Please act responsibly, and stop the destructive processes of urban sprawl at a place where they truly can be stopped. The proposed Cisco project should not be approved unless the project includes a requirement for housing, onsite, or directly adjacent. That's the way to act responsibly--and that is something that is absolutely feasible, and within your power, because you can condition a project approval to require that significant new housing be provided as the new office buildings are constructed. Your staff report raises an objection to such an approach, saying that putting housing on site wouldn't necessarily meet the housing demand created by the proposed Research Park project, because future residents of the housing might work elsewhere. That objection is not well taken. In fact, the City can require not only housing onsite, but also that this housing be first offered for rental or sale (on a continuing basis) to workers in the buildings proposed to be constructed. A workable program for onsite housing can easily be devised that will not only meet public policy objectives, but that will also meet the employer's need to attract and retain good workers, many of whom would jump at the chance to live close to where they work.

A report recently received by the City apparently calls for housing development to proceed in the Coyote Valley area. This report is clearly responding to the point that LandWatch and others have made--housing should go along with these new jobs, and is an absolute necessity. Your action, however, to be responsible, must link the construction of housing to the approval for development of the jobs. Anything less is to defer to a promised tomorrow the actions that are needed now.

I submitted to the Planning Commission a description of a project actually built in Addison, Texas, nearby Dallas. It is attractive, affordable, and is just the type of housing that would appeal to many of the workers who will be attracted to the jobs that Cisco is proposing to create in the Coyote Valley. The Addison Circle development (as described in the recent Urban Land Institute publication, Density by Design) is built at a gross residential density of 54.6 units per acre. The gross project density is 37.5 units per acre.

LandWatch asks you to require, as a condition of approval of this project, that 3500 units of housing also be constructed, on the Cisco site or elsewhere within the Coyote Valley. At 37.5 units per acre, that would mean that only 93 acres would be required. This is eminently feasible. In fact, with some redesign, it could be provided on the current site--and you could eliminate a lot of those 22,000 parking spaces that the project is currently proposing. We understand that the proposal would require a General Plan amendment and a redesign--but that doesn't make it impossible or infeasible, it only means that the City will have to go beyond what the applicant wants, and do what is actually best for the long-term public interest. Incidentally, this kind of a requirement, while it would likely be opposed by Cisco, would actually meet their long term best interests as well, because attracting and retaining good employees in this region is going to become ever more difficult, because of the lack of affordable, nearby housing. In fact, a project on the Cisco site that could provide housing for a significant number of workers would help Cisco, as well as the City of San Jose and the region as a whole.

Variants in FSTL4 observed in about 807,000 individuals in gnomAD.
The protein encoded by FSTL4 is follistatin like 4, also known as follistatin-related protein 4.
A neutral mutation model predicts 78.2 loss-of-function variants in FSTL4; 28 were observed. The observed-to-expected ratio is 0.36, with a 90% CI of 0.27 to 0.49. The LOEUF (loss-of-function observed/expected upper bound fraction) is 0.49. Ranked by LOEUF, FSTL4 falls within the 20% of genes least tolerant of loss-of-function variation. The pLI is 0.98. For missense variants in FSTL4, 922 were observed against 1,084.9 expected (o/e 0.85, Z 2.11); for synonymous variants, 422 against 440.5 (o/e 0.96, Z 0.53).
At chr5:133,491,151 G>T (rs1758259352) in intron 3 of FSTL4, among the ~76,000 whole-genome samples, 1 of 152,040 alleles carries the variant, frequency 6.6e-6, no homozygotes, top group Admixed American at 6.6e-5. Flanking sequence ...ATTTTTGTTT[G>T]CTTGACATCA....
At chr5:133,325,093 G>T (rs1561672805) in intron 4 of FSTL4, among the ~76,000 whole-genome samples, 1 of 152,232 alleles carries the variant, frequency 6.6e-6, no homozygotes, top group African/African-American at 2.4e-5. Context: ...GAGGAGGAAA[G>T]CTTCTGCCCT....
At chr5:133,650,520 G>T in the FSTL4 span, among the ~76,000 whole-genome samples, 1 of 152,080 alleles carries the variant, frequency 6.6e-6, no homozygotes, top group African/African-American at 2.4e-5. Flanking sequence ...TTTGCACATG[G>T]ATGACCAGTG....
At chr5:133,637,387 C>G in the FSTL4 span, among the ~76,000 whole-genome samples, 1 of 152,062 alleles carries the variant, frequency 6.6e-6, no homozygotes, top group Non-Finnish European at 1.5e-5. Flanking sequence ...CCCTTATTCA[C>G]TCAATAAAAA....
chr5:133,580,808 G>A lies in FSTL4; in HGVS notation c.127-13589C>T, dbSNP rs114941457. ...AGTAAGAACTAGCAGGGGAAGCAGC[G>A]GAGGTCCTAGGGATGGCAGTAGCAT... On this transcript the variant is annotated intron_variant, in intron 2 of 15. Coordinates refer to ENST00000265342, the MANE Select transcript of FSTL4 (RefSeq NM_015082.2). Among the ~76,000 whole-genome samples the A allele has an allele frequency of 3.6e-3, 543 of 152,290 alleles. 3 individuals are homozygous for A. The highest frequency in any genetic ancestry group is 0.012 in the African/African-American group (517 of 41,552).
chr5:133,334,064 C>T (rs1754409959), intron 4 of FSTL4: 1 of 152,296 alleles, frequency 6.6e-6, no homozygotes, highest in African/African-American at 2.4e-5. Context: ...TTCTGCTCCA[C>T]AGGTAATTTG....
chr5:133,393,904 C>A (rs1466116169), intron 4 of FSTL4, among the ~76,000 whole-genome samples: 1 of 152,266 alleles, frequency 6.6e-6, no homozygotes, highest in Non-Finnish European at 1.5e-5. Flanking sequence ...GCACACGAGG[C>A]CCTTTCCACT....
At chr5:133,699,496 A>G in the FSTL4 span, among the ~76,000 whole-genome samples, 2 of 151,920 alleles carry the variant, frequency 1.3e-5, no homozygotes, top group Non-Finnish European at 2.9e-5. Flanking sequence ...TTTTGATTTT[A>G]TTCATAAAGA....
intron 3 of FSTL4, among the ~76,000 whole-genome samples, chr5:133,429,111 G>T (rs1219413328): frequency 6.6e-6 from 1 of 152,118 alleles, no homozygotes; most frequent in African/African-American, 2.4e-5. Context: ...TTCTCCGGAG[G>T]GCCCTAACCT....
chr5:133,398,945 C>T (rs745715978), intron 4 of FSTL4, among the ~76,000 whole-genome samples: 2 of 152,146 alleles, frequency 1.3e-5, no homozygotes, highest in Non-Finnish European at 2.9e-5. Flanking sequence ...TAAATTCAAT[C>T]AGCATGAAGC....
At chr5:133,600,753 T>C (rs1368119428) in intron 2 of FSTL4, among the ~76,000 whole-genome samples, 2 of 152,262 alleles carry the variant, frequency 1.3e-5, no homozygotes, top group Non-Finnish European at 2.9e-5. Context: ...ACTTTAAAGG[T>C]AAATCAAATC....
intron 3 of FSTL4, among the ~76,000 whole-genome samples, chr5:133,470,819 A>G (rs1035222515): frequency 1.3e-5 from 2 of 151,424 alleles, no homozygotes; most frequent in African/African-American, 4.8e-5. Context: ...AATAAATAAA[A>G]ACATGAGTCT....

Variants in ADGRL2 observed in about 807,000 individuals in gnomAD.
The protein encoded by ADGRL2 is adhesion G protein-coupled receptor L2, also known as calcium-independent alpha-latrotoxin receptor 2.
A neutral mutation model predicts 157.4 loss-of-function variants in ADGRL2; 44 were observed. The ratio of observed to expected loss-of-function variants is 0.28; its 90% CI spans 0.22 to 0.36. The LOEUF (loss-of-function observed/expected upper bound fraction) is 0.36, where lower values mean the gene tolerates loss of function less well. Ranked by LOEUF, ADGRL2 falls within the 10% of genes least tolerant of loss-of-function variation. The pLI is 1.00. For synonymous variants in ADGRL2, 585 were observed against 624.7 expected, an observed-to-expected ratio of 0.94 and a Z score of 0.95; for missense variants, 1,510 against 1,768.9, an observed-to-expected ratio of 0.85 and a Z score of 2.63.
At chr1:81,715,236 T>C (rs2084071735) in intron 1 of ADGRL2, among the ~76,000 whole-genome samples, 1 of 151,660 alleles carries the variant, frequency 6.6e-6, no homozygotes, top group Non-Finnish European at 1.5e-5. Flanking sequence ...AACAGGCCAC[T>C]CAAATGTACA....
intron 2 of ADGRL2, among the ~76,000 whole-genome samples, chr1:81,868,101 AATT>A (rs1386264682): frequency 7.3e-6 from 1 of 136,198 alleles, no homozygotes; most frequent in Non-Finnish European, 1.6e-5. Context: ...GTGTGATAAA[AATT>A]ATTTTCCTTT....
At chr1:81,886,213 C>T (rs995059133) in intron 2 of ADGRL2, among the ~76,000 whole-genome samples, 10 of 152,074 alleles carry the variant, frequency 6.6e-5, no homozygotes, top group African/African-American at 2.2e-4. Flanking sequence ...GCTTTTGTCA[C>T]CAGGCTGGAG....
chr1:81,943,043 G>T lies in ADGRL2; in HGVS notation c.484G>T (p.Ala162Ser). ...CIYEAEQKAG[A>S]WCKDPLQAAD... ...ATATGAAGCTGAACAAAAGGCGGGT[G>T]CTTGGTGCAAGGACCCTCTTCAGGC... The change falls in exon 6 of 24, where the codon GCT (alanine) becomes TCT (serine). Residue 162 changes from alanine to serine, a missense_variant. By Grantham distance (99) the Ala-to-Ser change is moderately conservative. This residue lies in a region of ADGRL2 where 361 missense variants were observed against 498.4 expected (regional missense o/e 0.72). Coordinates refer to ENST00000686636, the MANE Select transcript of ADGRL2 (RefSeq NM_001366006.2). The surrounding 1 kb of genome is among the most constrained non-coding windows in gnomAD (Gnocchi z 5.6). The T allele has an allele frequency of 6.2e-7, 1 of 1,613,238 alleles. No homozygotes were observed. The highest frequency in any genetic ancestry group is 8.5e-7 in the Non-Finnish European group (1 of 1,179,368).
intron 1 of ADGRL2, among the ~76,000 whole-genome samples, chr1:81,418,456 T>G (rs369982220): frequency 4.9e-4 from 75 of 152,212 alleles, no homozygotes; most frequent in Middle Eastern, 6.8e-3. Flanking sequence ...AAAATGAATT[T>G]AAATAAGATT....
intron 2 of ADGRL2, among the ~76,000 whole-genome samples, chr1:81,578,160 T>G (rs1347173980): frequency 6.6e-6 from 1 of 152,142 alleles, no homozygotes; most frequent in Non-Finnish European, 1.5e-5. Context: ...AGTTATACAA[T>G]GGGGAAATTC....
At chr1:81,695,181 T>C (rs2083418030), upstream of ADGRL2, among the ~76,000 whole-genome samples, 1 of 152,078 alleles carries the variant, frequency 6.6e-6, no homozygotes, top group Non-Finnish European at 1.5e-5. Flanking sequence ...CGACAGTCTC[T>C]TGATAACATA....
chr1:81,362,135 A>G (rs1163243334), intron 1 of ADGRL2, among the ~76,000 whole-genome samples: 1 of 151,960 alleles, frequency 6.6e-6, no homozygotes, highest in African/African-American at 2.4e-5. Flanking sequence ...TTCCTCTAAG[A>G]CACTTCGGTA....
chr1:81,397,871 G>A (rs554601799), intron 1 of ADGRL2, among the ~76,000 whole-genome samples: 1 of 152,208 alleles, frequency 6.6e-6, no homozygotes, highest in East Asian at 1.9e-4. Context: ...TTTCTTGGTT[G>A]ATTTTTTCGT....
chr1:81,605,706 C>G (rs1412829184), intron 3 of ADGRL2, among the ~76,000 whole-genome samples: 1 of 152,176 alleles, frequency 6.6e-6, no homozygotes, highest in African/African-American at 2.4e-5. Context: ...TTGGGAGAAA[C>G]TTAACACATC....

We have one final comment on the matters before you. Good land use planning requires developments to "internalize" their costs and impacts. Housing, for instance, should not be "exported" when significant new jobs are being created. In exactly the same way, developments should "pay their own way" with respect to necessary infrastructure. The project before you requires a massive public subsidy for transportation and other infrastructure. Cisco is one of the largest, wealthiest, and most successful businesses in the world. It has recently been reported that the company does not even pay income tax on its substantial revenues. It is not too much to ask this corporation to pay its own way, instead of asking for a subsidy from the citizens of San Jose. LandWatch urges you to take that approach.

We urge you to require an adequate environmental analysis of this project. We also urge you, when it's time to act on this project, to require Cisco to provide significant onsite or adjacent housing. Urban sprawl is not only, or even most importantly, an "environmental issue." Above all, the evil of urban sprawl is that it is unraveling the social fabric that binds us together in families and communities. When we require the workers who are the basis of our economic success to lose two to four hours a day in senseless commuting, searching for housing they can afford, then we are taking from them time that they might otherwise use to strengthen their families, or to participate meaningfully in our community life. Ultimately, neither our economy nor our society can sustain the continued damage we are causing by our unwise land use decisions. This is a place where we can do better. We urge you to make use of the opportunity to do so!

Thank you for taking our comments seriously.

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LandWatch's mission is to protect Monterey County's future by addressing climate change, community health, and social inequities in housing and infrastructure. By encouraging greater public participation in planning, we connect people to government, address human needs and inspire conservation of natural resources.